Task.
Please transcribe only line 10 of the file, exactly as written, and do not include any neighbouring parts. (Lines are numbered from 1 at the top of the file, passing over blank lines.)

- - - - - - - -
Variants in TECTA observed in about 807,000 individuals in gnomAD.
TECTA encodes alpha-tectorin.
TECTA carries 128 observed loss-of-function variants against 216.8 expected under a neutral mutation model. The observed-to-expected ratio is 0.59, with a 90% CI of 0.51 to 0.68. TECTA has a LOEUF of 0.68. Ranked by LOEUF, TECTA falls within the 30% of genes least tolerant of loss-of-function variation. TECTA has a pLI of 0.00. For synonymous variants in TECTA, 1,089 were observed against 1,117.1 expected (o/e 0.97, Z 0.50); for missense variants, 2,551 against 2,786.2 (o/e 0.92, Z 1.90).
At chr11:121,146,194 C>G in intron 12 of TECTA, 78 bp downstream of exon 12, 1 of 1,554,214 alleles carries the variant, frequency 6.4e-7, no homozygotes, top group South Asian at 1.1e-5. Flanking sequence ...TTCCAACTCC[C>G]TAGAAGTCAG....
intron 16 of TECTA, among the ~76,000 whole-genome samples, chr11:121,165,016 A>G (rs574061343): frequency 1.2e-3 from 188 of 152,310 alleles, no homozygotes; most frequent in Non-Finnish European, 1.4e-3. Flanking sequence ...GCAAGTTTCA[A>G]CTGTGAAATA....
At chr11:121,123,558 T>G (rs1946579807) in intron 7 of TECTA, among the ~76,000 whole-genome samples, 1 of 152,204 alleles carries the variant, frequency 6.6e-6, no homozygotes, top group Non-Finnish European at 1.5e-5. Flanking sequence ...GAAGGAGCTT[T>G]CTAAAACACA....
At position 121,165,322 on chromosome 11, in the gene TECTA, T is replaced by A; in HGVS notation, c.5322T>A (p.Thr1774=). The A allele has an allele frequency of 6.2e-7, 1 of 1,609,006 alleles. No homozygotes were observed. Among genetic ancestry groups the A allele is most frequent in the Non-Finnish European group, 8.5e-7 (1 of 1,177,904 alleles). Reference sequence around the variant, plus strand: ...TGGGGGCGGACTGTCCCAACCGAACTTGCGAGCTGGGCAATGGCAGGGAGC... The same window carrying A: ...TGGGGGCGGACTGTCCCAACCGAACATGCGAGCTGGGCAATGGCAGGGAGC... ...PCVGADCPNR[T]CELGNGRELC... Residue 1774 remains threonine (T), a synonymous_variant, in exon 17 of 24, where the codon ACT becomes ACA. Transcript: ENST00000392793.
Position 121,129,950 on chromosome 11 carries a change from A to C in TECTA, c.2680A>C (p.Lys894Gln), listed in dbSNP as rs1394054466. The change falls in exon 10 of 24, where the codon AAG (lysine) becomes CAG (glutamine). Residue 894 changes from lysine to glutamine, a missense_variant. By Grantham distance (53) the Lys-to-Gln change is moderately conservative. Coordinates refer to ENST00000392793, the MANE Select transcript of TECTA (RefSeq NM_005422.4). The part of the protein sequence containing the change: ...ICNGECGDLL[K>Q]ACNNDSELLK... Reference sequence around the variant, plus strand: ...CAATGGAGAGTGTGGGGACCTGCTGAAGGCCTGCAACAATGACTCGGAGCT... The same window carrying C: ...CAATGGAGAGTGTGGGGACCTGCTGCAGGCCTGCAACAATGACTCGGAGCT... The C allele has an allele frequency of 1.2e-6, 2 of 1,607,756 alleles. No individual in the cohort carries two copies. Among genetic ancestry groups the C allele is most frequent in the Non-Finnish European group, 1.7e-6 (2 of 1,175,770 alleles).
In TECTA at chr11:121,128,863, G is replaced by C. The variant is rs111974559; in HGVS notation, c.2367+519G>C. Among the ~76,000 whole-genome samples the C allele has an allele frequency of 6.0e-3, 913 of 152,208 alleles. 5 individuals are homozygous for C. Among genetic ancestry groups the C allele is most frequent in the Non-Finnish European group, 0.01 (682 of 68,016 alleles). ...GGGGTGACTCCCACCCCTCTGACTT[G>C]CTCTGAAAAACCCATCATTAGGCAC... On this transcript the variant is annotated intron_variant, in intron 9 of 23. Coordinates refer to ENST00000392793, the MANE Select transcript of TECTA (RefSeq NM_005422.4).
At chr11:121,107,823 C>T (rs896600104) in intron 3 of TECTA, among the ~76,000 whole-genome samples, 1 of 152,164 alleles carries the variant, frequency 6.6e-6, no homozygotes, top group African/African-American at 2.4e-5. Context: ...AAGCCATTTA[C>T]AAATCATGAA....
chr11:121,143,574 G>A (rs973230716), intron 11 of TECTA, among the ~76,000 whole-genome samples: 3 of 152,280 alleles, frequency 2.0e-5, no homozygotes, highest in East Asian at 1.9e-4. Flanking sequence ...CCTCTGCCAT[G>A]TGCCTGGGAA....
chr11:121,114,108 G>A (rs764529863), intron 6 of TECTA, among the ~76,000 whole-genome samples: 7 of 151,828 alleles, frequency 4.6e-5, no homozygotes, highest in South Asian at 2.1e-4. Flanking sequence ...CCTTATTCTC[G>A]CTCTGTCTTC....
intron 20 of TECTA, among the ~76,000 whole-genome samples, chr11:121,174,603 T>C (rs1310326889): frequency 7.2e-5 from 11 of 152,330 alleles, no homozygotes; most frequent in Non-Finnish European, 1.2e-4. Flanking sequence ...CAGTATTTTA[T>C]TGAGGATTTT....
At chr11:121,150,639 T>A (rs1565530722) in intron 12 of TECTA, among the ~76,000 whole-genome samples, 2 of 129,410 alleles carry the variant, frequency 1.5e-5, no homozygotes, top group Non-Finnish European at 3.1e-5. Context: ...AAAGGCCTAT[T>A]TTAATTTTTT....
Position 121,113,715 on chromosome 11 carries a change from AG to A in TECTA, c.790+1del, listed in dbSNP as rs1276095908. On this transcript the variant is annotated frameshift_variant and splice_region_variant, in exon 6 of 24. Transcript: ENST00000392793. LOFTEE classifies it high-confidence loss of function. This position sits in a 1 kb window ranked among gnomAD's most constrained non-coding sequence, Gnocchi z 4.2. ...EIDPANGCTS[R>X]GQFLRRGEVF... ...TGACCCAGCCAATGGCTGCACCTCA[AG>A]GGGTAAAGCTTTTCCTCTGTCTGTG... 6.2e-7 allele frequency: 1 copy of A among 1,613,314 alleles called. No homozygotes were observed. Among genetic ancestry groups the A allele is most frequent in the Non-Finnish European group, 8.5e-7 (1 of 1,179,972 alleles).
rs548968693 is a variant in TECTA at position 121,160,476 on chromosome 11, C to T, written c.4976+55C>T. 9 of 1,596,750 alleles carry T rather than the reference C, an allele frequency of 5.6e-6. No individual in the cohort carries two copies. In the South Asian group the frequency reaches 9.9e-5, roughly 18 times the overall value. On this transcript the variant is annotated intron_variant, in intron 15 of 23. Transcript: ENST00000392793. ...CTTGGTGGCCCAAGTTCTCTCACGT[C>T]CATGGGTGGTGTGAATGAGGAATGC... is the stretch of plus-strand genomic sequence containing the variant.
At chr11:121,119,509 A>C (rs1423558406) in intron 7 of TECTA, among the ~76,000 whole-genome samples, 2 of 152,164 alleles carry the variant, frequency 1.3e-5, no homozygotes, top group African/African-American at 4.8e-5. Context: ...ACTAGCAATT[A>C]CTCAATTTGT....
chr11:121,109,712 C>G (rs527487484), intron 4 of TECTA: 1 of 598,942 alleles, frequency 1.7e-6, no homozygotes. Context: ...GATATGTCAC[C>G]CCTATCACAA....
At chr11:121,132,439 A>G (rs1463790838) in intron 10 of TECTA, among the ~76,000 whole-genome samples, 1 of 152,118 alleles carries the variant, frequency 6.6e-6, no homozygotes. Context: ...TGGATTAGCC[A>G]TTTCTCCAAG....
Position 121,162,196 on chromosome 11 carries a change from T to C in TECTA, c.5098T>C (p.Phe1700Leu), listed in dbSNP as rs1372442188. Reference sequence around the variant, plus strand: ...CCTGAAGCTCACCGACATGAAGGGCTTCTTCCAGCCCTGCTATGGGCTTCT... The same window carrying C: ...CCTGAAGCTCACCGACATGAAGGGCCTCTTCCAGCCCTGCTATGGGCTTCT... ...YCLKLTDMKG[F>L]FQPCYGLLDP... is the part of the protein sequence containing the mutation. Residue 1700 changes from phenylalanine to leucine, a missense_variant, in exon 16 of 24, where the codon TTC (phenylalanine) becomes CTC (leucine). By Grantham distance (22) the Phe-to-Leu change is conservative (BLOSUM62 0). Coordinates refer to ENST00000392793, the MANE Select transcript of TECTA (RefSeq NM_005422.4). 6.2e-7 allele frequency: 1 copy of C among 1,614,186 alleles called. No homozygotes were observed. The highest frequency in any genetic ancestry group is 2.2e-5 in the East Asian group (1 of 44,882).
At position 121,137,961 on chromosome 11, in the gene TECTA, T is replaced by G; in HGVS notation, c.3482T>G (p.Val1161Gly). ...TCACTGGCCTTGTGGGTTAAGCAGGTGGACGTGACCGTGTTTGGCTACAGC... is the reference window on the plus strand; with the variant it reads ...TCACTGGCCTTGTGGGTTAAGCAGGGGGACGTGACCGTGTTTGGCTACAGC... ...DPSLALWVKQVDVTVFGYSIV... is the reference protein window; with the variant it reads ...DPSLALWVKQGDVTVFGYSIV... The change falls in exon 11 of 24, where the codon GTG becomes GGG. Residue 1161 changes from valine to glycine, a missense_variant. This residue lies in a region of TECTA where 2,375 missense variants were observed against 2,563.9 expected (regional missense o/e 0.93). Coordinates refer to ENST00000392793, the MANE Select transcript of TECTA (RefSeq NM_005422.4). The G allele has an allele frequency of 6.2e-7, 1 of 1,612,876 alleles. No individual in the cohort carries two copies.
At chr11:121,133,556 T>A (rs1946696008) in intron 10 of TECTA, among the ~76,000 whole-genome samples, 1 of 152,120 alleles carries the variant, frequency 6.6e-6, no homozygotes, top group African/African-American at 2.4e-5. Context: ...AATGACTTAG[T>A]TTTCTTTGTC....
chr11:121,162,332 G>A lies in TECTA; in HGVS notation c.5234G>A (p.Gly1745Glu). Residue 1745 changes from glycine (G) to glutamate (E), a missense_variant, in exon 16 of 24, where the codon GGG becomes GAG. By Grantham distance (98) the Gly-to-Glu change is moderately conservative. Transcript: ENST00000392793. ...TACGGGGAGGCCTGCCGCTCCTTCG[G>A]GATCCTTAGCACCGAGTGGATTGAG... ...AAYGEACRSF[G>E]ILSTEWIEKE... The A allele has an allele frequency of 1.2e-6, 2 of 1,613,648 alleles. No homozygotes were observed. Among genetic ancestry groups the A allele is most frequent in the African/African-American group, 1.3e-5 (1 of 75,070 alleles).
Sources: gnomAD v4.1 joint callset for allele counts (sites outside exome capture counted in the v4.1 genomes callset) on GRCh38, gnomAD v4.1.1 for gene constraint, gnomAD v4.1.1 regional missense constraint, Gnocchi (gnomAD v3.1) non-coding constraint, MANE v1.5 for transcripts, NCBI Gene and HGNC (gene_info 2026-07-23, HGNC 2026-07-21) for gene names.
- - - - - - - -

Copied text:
At chr11:121,107,823 C>T (rs896600104) in intron 3 of TECTA, among the ~76,000 whole-genome samples, 1 of 152,164 alleles carries the variant, frequency 6.6e-6, no homozygotes, top group African/African-American at 2.4e-5. Context: ...AAGCCATTTA[C>T]AAATCATGAA....